- of or relating to the Federalists or to the Federalist party.
- supporting the principles of the Federalist party.
- (in the Civil War) pertaining to or supporting the Union government.
- relating to or adhering to the support of the Constitution.
- a Federalist.
- an adherent of the Union government during the Civil War; Unionist.
- a soldier in the Federal army.
Origin of federal
Examples from the Web for federal
Contemporary Examples of federal
“This is a federal mandate that is causing some real problems for schools across the country,” Kline told a CBS affiliate in July.The Republican War on Kale
January 7, 2015
As for the federal authorities, they have made themselves available but the clergy have not requested special protection.Mexico’s Priests Are Marked for Murder
January 7, 2015
What 15 months in a federal correction institution will be like, according to a man who counsels to-be inmates.How a ‘Real Housewife’ Survives Prison: ‘I Don’t See [Teresa Giudice] Having a Cakewalk Here’
January 6, 2015
And that means they also fall under the umbrella of programs most likely to get the axe when state and federal budgets are tight.How to Solve the Policing Crisis
January 5, 2015
This is why arguments for little to no federal oversight of education are so disturbing.The ‘No Child’ Rewrite Threatens Your Kids’ Future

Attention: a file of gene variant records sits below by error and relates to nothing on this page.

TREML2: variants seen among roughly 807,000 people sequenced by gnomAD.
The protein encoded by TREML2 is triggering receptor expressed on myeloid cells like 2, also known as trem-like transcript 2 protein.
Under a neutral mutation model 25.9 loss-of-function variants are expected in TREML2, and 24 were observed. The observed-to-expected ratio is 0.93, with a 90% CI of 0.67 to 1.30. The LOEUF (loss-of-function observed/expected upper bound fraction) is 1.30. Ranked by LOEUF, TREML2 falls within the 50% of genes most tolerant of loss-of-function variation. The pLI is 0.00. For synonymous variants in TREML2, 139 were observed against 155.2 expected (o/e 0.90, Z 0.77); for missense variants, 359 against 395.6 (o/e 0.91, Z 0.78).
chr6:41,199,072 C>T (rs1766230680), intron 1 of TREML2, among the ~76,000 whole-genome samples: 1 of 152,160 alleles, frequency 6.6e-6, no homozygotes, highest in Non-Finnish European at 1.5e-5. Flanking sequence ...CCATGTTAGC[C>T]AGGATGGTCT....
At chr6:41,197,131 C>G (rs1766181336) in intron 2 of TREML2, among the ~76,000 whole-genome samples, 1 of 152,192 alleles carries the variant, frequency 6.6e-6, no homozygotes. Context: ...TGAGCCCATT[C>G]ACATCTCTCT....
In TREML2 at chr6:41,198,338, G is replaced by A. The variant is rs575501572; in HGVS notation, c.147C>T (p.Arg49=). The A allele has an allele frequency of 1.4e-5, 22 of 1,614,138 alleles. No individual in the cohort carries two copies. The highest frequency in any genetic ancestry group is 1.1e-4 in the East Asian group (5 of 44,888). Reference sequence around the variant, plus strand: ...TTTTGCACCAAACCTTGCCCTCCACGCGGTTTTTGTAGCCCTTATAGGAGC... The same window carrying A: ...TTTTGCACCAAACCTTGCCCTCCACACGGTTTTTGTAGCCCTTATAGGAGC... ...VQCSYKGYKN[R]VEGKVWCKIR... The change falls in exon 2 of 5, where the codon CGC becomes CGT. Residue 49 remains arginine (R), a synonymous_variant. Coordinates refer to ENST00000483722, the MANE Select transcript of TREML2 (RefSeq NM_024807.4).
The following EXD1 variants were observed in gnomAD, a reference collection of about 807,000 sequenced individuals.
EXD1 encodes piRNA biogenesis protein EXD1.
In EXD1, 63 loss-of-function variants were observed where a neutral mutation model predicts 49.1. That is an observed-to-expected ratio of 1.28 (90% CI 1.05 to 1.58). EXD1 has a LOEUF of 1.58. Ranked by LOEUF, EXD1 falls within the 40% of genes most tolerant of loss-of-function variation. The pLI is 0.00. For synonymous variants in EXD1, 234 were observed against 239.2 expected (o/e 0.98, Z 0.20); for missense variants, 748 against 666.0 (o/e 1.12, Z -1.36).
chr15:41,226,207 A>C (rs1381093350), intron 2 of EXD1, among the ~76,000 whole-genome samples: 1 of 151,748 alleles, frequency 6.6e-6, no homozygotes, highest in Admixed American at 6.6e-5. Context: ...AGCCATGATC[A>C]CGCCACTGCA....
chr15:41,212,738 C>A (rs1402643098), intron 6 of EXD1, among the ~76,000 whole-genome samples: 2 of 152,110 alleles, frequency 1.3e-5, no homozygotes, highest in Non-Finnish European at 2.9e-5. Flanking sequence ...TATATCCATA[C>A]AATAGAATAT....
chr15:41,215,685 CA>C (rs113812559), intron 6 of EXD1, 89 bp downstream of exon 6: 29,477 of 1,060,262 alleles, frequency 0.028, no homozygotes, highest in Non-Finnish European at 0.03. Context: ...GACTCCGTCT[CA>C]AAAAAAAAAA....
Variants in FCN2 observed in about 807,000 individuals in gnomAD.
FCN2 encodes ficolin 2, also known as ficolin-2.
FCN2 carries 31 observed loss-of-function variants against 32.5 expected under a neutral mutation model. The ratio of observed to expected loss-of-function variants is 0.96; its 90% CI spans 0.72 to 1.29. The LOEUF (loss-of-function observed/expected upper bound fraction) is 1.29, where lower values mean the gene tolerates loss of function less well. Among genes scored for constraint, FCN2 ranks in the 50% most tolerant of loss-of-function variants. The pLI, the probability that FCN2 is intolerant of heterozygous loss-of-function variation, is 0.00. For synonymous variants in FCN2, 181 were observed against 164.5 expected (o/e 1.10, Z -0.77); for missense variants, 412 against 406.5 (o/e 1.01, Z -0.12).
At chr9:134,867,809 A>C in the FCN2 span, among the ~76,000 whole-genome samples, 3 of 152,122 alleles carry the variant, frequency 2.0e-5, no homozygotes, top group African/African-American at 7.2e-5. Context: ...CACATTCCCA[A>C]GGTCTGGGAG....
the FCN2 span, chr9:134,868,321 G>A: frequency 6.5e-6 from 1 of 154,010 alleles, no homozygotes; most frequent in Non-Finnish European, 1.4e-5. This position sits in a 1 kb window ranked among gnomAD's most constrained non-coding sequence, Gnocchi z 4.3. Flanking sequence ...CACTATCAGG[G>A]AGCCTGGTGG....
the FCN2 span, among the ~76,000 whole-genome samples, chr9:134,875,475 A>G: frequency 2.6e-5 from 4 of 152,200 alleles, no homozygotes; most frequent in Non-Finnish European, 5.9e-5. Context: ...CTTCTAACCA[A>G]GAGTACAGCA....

January 3, 2015
Historical Examples of federal
We are fortunate in the ability and integrity of our Federal judges and attorneys.
These are some of the blessings secured to our happy land by our Federal Union.
The inestimable value of our Federal Union is felt and acknowledged by all.
And there is another area where the Federal Government can play a part.
The Federal's pistol slid into its holster and his sabre flashed out.The Cavalier
George Washington Cable
Word Origin for federal
- of or relating to the Federalist party or Federalism
- characteristic of or supporting the Union government during the American Civil War
- a supporter of the Union government during the American Civil War
- a Federalist
1640s, as a theological term, from French fédéral, from Latin foedus (genitive foederis) "covenant, league, treaty, alliance," related to fides "faith" (see faith).
Meaning "pertaining to a treaty" (1650s) led to political sense of "state formed by agreement among independent states" (1707), from phrases like federal union "union based on a treaty," popularized by formation of U.S.A. 1776-1787.